Djokovic makes tweaks to extend Melbourne run
Djokovic makes tweaks to extend Melbourne run
There is a familiarity to Novak Djokovic’s time in Melbourne each year, from his regular visits to his favourite fig tree at the Botanical Gardens to his frequent trips to the Australian Open final.
In his 16 appearances at Melbourne Park, Djokovic has reached the decider on eight occasions, and he’ll be going for a record-extending eighth Australian Open crown when he takes on Dominic Thiem in the championship match on Sunday.
One figure experiencing Djokovic’s magical connection with Melbourne up close for the first time is his co-coach Goran Ivanisevic, who was added to the Serb’s camp midway through 2019, right before Wimbledon.
The Croatian, who previously coached Marin Cilic, Milos Raonic and Tomas Berdych, has known Djokovic since he was a young teenager, and was thrilled to get the call last year, inviting him to share coaching duties with Marian Vajda.
“It doesn’t get better than this. When the No.1 calls you, I compare it to football, Real Madrid calls you, like he calls you,” Ivanisevic told wimbledon.com at the All England Club last July.
“For me it’s kind of a reward, it means I did something well in the past.”
The 2001 Wimbledon champion is in awe of Djokovic, his ambition and his constant need for improvement.
On Sunday, the 32-year-old Belgrade native will be seeking a 17th Grand Slam singles title that would put him just three shy of Roger Federer’s men’s all-time record, and two behind Rafael Nadal’s tally. The three-way battle for supremacy between Djokovic, Federer and Nadal is one of the most compelling in all of sport, and it’s one Ivanisevic never would have predicted when he met a 14-year-old Djokovic at Niki Pilic’s academy in Munich nearly two decades ago.
“I was practicing at Niki Pilic’s academy, he was my coach and Novak was there. And Pilic told me, ‘Here is one kid, 14 and a half years old who is going to be the best tennis player in the world in the future’. So I said, ‘Okay, let’s hit’,” Ivanisevic told Jon Wertheim on the Beyond the Baseline podcast this week.
“He’s from Serbia, this small skinny kid comes. We played tennis, and a couple of years after, this young little kid is one of the best tennis players in the world, and who knows, maybe the best ever in the history of tennis.”
Does Ivanisevic consider Djokovic to have the edge in the GOAT (greatest of all time) debate?
“For the past nine years he is, by statistics, by winning Grand Slams, by every… by winning matches, he is by far number one,” said the 48-year-old Hall of Famer.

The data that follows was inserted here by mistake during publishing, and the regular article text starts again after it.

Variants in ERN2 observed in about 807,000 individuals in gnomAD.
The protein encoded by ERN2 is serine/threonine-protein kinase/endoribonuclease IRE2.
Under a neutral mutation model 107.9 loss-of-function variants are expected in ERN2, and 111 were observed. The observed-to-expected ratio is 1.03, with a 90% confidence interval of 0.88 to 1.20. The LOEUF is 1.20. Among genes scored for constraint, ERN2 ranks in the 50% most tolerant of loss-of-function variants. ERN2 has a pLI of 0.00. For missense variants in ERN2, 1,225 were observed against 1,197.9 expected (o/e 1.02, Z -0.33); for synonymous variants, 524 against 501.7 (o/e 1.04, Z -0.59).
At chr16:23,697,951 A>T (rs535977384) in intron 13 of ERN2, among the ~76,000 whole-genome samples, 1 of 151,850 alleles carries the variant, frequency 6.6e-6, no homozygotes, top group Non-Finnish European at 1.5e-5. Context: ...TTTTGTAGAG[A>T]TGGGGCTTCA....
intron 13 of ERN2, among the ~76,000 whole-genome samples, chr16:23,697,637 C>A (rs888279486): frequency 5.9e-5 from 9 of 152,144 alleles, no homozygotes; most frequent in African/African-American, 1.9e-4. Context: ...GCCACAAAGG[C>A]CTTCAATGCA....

“What’s going to happen when all three finish their careers? We’ll see. But it’s always you know, maybe you like more Federer, maybe you like more Nadal, and everybody likes different styles. But they didn’t say bye-bye yet, they’re still going to have a couple of years of playing and a lot of things are going to change, a lot of records are going to be broken and hopefully Novak can do that.”
Djokovic is 12-0 so far this season, having gone undefeated at the ATP Cup, which he won with Serbia, before his run to the final here in Melbourne. The world No.2 has already posted four top-10 wins in 2020 and could replace Nadal at the top of the rankings should he defeat Thiem on Sunday.
“I'm pleased with the way I've been feeling and playing. I thought ATP Cup went really well for me, got a lot of hours spent on the court, singles and doubles. It was a great lead-up for Australian Open. Obviously got a lot of positive energy from that competition. I dropped only one set so far up to the finals,” said Djokovic, who lost a set in his opener to Jan-Lennard Struff last week.
Team Djokovic is all about positive energy. Vajda and Ivanisevic have known each other for 30 years, and even competed against each other as players. They all share a sense of humour, and have a strong Balkan connection.
“As a kid Novak was different, different thinking, the way his life developed, the way he is on the court, the way he is off the court. Also he is a national hero in his country and we [Serbia and Croatia] had problems before and he took me as a coach [anyway],” Ivanisevic said on the podcast.
“His way of thinking is completely free of that. I was always a huge supporter of him before I became his coach. I was kind of a little surprised when I received this phone call last year to join the team. We always had a good relation and we were friends, but still you know – not because I’m a bad coach, but he was No.1 so I didn’t know why he wants to add some more people in the team.”
Ivanisevic later realised just how much Djokovic still wants to improve, and those watching the Serb closely can already notice the tweaks his coach made to his serve. Djokovic has won 82 per cent of his first-serve points this fortnight and was broken just seven times through six matches. The 70 aces he hit so far this tournament place him joint-sixth on the stats leaderboard for the entire men’s draw.
But beyond the impressive serve stats, which a big-server like Ivanisevic is undoubtedly proud of, it is their shared grit and mental toughness the Croatian values so much.
“People generally when you say, ‘Oh, he’s Balkan’, they kind of look at you differently. It doesn’t matter if you’re Serbian or Croatian, it happens. I got that a lot of times. And I’m like, ‘What? We’re not good enough?’ Kind of look at the success of people from there, it’s much higher because in our minds we have to show them all the time that we are better, or at least like them,” explains Ivanisevic.
Djokovic is pleased with how well both his coaches complement each other, and gave some insight this week into the mind of his mentor.
“Goran, his philosophy has always been less is more, kind of giving the right information to the player, then understanding how a player can actually benefit from that,” said the seven-time Australian Open champion.
“He likes to simplify things. It's working well.”